Uncatalysed oxidation of cyclohexene
S.M. Mahajani, M.M. Sharma, T. Sridhar*
Department of Chemical Engineering, Monash University, Clayton, Victoria 3168, Australia Received 13 October 1998; received in revised form 22 December 1998; accepted 23 December 1998
Abstract The oxidation products of cyclohexene "nd several applications as intermediates for the manufacture of useful chemicals like cyclohexanol, cyclohexenol/cyclohexenone, cyclohexadiene, etc. The uncatalysed oxidation of cyclohexene with molecular oxygen was studied in a batch reactor. The products, cyclohexene hydroperoxide, cyclohexenol, cyclohexenone and cyclohexene oxide were realised in the temperature range of 343}393 K. The e!ect of various kinetic parameters such as temperature, speed of agitation and wall material was studied. The kinetic data were generated at di!erent temperatures and "tted successfully with a rate equation based on autocatalysis by total products. The values of rate constants and activation energy were determined. Recognising the fact that the industrial route to cyclohexene from benzene hydrogenation yields a mixture of cyclohexene and cyclohexane which are di$cult to separate, some experiments on oxidation of the mixture of cyclohexene and cyclohexane were also conducted. The values of rate constants remain unchanged in the presence of cyclohexane. The reaction was also studied in an aluminium lined reactor to examine the wall catalytic e!ect, if any, of the stainless steel wall. The reaction was found to be signi"cantly slower in the aluminium reactor while the selectivity towards the hydroperoxide remained unchanged. The oxidation of cyclohexene represents a unique example of an 1999 Elsevier Science Ltd. uncatalysed liquid-phase organic oxidation which can be conducted up to relatively high conversions. Allrights reserved. Keywords: Cyclohexene; Cyclohexenyl hydroperoxide; Autoxidation; Cyclohexenone; Cyclohexenol; Cyclohexene oxide
1. Introduction Oxidation of cyclohexene by air or molecular oxygen gives various products such as cyclohexenyl hydroperoxide, cyclohexenol, cyclohexeneone, and cyclohexene oxide, etc. The reaction conditions and the catalyst (if any) in#uence the product distribution and rate of the reaction. The catalytic oxidation of cyclohexene has been investigated in the past, in view of obtaining high yields of industrially important products such as cyclohexene oxide and cyclohexanol (e.g. Takehira et al., 1980; Neuburg et al., 1976). While the uncatalysed autooxidation of cyclohexene in comparison, appears to have received less attention. Though the work on the basic mechanism and product distribution has been dealt with way back in 1939, the reaction engineering aspects and kinetic data have not been reported in the literature to the best of our knowledge.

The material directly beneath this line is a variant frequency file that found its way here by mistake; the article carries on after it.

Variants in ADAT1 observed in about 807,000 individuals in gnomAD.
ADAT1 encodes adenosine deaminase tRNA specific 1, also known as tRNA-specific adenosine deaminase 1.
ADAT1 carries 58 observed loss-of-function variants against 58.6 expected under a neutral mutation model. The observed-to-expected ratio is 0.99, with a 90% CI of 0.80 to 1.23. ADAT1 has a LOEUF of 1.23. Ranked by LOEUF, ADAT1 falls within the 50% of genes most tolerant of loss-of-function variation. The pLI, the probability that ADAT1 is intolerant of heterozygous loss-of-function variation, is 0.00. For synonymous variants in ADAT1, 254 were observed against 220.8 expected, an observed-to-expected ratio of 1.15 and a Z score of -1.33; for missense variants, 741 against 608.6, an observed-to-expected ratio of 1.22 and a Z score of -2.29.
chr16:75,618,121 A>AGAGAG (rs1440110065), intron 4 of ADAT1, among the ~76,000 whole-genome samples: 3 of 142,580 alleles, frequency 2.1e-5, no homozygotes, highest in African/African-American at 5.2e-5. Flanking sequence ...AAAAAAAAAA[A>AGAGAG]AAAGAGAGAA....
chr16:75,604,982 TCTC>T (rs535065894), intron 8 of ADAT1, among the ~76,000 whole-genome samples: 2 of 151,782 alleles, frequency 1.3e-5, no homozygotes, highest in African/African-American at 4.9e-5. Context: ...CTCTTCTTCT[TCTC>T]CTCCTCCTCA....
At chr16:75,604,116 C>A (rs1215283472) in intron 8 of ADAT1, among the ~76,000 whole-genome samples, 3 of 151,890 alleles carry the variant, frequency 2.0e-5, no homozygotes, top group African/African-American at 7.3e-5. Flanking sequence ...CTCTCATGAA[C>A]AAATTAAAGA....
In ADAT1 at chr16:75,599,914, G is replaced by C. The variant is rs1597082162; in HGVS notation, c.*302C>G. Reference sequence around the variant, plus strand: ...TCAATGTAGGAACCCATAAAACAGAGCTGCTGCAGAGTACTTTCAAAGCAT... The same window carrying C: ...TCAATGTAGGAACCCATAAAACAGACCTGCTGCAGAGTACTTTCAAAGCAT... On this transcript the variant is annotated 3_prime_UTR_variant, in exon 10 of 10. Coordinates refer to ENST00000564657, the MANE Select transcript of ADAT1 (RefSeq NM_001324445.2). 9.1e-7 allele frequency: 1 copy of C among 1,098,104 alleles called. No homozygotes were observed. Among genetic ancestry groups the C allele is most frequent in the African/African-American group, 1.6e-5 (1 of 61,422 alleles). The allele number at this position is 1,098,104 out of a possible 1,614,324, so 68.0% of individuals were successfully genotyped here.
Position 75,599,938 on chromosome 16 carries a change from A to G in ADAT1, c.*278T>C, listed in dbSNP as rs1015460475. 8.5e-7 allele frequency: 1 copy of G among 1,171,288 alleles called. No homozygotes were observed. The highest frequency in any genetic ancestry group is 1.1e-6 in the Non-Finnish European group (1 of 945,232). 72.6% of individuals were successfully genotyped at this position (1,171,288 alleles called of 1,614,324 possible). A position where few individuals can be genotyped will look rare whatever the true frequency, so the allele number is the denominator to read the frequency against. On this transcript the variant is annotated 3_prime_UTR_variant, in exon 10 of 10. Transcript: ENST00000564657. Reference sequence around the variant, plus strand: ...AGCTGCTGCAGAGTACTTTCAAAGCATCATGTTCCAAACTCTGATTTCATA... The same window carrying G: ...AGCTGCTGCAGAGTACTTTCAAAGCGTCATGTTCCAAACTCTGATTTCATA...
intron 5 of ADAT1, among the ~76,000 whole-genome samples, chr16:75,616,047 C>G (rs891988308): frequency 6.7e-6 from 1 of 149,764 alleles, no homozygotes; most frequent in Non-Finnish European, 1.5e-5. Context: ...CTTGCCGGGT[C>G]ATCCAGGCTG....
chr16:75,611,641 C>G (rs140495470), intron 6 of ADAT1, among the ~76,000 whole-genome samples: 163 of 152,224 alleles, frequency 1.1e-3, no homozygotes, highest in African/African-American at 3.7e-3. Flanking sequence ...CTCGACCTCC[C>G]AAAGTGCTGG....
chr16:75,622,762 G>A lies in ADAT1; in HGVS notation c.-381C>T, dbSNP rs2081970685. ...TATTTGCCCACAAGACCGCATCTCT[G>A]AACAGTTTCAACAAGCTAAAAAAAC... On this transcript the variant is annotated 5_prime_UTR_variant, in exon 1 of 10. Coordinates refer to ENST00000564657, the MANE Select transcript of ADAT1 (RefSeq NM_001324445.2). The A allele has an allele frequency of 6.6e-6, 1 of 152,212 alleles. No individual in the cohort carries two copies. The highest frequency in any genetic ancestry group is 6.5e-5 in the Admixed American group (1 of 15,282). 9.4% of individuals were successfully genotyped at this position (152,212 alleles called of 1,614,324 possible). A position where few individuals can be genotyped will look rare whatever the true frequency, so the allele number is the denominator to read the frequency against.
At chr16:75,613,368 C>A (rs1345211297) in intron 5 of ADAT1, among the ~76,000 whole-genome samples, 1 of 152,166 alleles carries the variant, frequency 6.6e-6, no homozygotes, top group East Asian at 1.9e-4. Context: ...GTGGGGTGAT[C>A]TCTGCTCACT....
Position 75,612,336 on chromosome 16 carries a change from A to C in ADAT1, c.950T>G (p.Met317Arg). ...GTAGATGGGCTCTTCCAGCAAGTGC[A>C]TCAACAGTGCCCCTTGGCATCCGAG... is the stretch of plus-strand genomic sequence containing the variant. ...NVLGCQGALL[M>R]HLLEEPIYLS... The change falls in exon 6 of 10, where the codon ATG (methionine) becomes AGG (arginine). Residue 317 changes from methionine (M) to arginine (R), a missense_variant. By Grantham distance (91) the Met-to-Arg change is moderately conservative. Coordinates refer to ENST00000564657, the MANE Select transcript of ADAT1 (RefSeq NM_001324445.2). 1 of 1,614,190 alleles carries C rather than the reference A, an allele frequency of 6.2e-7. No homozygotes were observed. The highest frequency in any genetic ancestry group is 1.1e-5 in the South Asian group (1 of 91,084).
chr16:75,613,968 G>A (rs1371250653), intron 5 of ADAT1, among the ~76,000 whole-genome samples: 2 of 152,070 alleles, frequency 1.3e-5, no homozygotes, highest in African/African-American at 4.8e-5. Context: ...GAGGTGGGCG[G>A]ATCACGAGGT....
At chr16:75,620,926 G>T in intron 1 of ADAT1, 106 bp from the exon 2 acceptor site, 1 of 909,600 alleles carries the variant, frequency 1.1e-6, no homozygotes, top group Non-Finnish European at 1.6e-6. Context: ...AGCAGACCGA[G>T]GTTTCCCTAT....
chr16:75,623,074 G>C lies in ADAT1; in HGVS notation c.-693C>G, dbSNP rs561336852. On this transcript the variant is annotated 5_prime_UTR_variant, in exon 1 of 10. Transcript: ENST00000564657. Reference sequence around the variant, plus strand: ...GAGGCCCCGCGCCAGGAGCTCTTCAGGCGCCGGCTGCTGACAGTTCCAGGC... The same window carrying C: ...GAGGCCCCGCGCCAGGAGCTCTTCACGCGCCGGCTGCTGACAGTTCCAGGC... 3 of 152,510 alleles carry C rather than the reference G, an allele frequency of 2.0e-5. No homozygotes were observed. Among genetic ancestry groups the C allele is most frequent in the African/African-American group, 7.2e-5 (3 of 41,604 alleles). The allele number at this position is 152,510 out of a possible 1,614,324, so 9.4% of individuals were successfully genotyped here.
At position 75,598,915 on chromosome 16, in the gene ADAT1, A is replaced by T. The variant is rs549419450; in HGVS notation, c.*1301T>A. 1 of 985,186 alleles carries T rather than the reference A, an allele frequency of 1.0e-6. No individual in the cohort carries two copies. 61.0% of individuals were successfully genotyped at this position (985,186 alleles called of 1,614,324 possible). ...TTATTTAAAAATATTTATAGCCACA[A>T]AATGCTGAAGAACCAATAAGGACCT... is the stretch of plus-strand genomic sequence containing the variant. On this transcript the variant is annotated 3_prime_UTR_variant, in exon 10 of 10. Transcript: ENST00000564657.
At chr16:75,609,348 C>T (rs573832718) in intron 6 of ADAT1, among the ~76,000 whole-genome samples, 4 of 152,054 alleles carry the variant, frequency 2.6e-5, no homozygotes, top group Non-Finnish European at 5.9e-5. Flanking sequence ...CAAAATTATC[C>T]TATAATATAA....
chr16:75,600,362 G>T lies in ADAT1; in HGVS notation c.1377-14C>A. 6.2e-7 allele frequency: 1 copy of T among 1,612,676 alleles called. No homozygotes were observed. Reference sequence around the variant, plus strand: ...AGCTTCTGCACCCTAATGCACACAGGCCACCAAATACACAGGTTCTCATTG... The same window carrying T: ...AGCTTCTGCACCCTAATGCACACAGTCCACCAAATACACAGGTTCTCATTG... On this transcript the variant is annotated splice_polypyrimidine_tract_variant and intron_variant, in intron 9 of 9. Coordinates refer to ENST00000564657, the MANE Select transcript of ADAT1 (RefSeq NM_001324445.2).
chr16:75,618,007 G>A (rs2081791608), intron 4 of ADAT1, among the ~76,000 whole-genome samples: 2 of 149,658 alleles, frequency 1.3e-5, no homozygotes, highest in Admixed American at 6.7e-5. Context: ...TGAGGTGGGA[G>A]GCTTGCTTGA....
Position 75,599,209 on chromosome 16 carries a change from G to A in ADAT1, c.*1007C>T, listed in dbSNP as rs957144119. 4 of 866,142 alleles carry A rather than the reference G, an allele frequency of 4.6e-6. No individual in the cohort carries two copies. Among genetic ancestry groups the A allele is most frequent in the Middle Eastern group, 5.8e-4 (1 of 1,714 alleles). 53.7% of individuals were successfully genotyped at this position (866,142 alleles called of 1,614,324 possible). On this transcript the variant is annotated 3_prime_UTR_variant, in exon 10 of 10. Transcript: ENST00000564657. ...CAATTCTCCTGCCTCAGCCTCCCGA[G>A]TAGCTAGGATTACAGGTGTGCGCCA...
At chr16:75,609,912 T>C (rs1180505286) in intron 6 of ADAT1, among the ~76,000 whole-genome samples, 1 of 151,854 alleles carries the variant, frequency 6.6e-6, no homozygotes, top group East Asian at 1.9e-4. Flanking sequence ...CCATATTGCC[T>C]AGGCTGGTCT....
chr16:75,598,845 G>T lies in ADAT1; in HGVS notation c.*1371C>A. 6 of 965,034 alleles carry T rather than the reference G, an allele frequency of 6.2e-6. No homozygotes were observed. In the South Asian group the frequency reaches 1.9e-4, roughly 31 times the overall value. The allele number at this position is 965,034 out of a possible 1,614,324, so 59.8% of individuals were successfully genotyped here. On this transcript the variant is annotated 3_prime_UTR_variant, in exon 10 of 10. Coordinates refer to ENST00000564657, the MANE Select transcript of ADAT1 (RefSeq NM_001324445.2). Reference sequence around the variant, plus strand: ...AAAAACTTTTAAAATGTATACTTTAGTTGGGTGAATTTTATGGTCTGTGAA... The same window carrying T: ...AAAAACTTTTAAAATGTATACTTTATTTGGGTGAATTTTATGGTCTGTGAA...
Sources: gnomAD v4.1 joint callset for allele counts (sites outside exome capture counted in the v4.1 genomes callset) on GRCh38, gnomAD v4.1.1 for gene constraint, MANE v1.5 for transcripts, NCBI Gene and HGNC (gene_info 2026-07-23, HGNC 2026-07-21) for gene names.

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Cyclohexene hydroperoxide is unstable and can be obtained in maximum yields only through the uncatalysed oxidation. Fig. 1 shows the potentially important routes involving cyclohexene hydroperoxide as a vital intermediate. Hydrogenolysis of cyclohexene hydroperoxide selectively gives cyclohexenol; catalytic decomposition of the hydroperoxide can also lead to cyclohexenol. Epoxidation of ole"nic substances with cyclohexene peroxide would lead to the corresponding epoxide and cyclohexenol. Cyclohexenol is an important raw material for the manufacture of cyclohexanol and cyclohexadiene which "nd application in nylon and perfumery industries, respectively. A new route for the preparation of high purity cyclohexadiene through epoxidation of cyclohexene has been proposed by Asahi Chemicals (Ishida and Ono, 1995) and provides another motivation for the systematic study of this reaction. The present work is aimed at studying the oxidation of cyclohexene by molecular oxygen in a stirred tank batch reactor. The products obtained...